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Summary:

Few apps are yet taking advantage of Apple’s M7 motion co-processor but RunKeeper does starting today. The app can track walking activities in the background and cadence during runs. AirDrop support also makes it easy to share workouts or send friend requests.

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The newest version of RunKeeper for iOS now takes advantage of the iPhone 5s M7 motion co-processor, allowing your phone to automatically track any walks of 15 minutes or more during the day. Thanks to the M7, this activity takes place in the background and can be added to your RunKeeper activity log each day.

 

Using the M7 brings another advantage for running as well: Tracking cadence during a run. Your steps per minute are then included in the data of each running activity, alongside pace and elevation. Also in the latest update for iOS is support for AirDrop. With it, you can request to be RunKeeper friends with any nearby runners and wirelessly share workout plans.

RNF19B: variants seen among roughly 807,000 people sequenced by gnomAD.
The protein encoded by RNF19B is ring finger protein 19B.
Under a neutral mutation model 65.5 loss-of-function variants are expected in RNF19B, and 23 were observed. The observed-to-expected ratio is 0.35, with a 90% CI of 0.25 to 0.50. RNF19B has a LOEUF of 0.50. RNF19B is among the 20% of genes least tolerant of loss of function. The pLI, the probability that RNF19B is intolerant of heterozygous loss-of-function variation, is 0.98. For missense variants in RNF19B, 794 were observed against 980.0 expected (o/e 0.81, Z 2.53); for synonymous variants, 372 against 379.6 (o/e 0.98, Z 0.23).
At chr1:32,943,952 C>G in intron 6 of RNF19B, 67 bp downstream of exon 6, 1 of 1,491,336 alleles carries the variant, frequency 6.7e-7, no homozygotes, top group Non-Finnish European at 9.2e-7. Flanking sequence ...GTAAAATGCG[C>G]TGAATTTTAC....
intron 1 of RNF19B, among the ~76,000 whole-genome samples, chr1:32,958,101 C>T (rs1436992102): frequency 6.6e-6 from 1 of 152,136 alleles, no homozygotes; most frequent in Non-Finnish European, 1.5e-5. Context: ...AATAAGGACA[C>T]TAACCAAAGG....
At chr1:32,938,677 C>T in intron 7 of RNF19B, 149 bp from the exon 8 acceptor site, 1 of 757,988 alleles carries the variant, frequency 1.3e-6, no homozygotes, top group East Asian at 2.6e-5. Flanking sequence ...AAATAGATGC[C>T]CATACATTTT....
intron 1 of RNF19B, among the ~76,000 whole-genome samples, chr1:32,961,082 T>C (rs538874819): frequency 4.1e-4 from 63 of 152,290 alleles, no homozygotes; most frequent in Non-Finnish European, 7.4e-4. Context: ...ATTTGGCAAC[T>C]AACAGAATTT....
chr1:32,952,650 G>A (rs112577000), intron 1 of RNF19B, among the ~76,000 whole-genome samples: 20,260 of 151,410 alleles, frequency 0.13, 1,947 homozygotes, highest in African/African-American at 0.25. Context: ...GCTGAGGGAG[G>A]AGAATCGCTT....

As a long-time RunKeeper user — I pay yearly for the elite subscription plan — these are welcome additions. When Apple announced the M7 chip, I had hoped we’d see these types of uses in various apps. I particularly like the auto-tracking of walks in the background because I often start a short walk that turns into a long one. And because I didn’t plan for it, I miss out on tracking that activity. Now I won’t have to worry about actively tracking it since RunKeeper will do it automatically.

  1. Only walks, or can it handle runs too without launching the app? Are the M7 walks plotted on a map like when you use the app normally? Related, the the updated Nike app plot the activity on a map? I like that. So do the scores of women who stalk me.

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